News Articles

Ayer OKs tax break for defense contractor

By Jack Minch
December 12, 2007


 AYER -- Special Town Meeting last night unanimously approved a 20-year tax-break agreement with one of the nation's biggest defense contractors as an incentive to move into an empty building at 24 Nemco Way.

The state Economic Assistance Coordinating Council must now approve its end of the agreement, which includes a 5 percent tax credit for the company's depreciable, tangible assets and a 10 percent tax deduction for costs related to renovating the building.

The town's sliding-scale tax increment financing agreement, or TIF, gives L-3 Communications an 85 percent break on property taxes in the first year and a 5 percent break in each of the last six years.

It's an overall 40 percent tax break, based on the increased value of the building, but the town will still get nearly $750,000 more than what it expected to get before L-3 Communications agreed to move in, said Christopher Ryan, the town's planning and development director.

New York-based L-3 Communications plans to move its Concord-based L-3 Communications.

ESSCO Inc. and Auburn-based Wolf Coach Inc. divisions into the 216,000-square-foot building after a $3 million renovation that's expected to be done around June.

ESSCO makes radomes that are protective domes to surround radar or antenna systems. Wolf Coach makes mobile telecommunications vehicles for public-safety departments.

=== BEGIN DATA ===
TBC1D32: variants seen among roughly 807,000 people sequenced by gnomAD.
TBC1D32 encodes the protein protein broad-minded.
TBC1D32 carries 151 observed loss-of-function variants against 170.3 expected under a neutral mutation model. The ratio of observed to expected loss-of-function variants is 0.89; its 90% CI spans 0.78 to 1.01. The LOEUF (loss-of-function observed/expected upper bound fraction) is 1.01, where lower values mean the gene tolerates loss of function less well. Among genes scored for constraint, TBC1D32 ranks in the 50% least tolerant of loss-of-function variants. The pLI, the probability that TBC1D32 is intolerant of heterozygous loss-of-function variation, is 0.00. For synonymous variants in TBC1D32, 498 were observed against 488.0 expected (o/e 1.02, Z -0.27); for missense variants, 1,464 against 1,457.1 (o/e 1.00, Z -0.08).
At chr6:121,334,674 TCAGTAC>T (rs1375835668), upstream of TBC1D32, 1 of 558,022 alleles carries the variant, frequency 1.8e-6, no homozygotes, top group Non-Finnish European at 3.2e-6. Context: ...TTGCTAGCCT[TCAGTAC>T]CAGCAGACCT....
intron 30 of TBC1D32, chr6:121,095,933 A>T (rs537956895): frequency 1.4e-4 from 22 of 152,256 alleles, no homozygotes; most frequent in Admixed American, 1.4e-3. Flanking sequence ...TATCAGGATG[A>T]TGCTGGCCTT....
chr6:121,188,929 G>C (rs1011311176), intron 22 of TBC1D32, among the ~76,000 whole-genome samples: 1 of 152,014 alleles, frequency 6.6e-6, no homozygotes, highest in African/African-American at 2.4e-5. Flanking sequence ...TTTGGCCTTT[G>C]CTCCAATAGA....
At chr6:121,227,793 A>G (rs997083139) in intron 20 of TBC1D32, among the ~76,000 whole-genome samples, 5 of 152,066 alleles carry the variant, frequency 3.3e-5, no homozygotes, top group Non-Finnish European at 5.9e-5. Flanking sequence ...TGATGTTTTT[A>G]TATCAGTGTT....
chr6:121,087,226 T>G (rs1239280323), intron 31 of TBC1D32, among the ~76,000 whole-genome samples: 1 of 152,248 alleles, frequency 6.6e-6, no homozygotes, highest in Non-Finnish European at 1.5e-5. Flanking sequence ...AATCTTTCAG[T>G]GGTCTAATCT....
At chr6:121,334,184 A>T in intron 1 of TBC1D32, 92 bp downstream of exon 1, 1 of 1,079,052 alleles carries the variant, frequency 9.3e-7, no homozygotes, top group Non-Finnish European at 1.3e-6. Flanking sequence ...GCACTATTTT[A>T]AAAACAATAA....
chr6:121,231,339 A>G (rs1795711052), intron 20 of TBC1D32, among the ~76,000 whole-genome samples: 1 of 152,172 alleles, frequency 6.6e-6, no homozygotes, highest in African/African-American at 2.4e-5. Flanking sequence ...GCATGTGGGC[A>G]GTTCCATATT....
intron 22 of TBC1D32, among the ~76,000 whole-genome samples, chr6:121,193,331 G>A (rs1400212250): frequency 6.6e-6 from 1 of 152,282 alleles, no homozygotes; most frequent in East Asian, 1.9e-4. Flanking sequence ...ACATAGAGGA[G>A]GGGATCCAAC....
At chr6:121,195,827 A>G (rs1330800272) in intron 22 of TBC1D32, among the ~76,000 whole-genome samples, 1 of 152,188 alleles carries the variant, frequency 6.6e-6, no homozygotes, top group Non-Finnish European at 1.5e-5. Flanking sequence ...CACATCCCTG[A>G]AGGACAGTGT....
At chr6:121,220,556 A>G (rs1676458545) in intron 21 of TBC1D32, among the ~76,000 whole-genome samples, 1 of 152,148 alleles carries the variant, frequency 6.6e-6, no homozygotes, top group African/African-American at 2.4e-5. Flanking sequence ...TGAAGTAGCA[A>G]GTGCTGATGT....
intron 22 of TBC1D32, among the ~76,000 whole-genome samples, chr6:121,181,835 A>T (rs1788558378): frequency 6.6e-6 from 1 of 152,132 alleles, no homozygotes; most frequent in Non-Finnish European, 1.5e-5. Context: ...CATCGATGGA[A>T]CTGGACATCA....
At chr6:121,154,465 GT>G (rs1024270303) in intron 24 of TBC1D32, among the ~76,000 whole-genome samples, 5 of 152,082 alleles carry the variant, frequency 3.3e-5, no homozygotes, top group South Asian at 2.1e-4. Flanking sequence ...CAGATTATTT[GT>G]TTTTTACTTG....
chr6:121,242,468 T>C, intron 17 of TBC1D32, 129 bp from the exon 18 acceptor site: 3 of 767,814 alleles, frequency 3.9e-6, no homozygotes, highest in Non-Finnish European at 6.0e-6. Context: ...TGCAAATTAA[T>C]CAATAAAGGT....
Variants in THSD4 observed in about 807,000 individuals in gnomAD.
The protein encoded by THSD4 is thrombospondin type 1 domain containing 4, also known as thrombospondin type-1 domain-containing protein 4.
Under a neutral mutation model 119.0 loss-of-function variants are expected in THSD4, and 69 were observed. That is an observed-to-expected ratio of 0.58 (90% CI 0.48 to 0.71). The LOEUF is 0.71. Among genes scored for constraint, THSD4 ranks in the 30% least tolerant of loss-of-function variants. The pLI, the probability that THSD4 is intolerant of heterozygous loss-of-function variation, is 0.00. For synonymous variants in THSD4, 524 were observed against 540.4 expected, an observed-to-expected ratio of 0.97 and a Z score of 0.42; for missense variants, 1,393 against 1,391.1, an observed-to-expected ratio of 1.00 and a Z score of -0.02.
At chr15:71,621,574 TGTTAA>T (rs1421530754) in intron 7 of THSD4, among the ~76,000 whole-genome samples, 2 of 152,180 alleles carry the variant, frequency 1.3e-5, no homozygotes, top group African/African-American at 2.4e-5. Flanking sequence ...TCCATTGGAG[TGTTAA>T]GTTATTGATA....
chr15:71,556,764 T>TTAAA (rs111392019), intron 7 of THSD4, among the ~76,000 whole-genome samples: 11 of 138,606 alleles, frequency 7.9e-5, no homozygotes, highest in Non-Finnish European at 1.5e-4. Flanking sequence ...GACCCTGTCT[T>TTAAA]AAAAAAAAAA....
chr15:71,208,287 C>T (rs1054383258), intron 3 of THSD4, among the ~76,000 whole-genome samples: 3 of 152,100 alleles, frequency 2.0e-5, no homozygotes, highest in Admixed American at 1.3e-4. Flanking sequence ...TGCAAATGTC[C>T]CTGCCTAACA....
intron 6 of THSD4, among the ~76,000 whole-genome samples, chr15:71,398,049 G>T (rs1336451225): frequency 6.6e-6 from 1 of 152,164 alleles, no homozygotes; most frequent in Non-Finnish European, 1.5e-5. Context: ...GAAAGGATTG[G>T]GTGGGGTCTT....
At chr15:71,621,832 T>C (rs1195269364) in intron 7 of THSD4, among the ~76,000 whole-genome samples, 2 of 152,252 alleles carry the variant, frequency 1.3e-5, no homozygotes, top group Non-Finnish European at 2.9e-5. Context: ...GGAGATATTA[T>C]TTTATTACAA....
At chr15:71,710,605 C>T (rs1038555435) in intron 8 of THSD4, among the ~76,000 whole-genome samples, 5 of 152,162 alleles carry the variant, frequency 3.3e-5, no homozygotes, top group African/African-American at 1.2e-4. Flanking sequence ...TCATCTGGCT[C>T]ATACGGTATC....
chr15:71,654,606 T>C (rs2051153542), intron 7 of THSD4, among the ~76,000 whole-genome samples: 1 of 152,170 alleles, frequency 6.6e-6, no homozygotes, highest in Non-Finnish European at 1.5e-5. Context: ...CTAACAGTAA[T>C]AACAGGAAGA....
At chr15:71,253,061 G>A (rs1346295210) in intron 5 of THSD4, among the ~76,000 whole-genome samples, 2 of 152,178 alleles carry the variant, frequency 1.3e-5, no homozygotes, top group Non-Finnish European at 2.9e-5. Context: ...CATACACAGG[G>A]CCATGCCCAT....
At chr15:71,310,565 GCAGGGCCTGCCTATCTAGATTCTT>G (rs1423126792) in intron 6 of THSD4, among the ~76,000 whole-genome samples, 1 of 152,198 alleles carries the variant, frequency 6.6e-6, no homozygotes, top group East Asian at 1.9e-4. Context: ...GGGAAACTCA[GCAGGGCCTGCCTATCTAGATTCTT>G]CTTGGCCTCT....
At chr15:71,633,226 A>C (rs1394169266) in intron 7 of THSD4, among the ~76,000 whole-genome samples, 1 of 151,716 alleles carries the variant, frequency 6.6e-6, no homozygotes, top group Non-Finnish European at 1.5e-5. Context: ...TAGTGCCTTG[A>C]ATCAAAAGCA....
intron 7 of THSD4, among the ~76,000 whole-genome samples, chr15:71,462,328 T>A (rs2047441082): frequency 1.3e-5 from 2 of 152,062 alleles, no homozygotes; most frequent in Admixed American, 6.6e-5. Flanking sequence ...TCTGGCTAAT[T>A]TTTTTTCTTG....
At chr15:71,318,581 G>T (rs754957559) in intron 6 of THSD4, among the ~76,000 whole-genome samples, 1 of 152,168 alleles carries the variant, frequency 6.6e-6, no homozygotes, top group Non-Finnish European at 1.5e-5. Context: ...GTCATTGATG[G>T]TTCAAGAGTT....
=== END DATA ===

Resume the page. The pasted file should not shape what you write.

The two divisions will operate under the L-3 Communications name and bring 235 existing jobs to town, plus create another 30, said Thomas Casale, president of Wolf Coach. The jobs include skilled and technical labor, as well as management.

L-3 needs the TIF to remain competitive with manufacturers in other areas of the country such as the Midwest and Florida, where labor costs are lower, Casale said.

"So finding the right building, finding the right town, finding the right rent per square foot and finding the right TIF was key to doing the entire economic deal for us," he said.

L-3 expects to select a contractor for the building renovations in January and hopes the town issues a certificate of occupancy in July, said Richard Hitchcock, vice president of operations for Wolf Coach.

The company produces $5 million to $10 million of product value a month, so it will have to move and be back up and running quickly, he said.

"As soon as we get a certificate of occupancy and can actually occupy and work in the building, we'll be in immediately thereafter," Hitchcock said. "We're talking a seven- to 10-day period where we pack up everything in our place, move it all over in trucks, set it all up and try to get back in business."

The TIF agreement ensures the town increased tax revenue but also establishes a building block to attract other business, said Board of Selectmen Chairman Gary Luca.

"It's a good proposal for the town, the area, the state," he said. "It shows that Ayer is open for business."

The Economic Assistance Coordinating Council is expected to vote on its tax credits and tax deductions Dec. 27, said Lynn Tokarczyk, a consultant for L-3.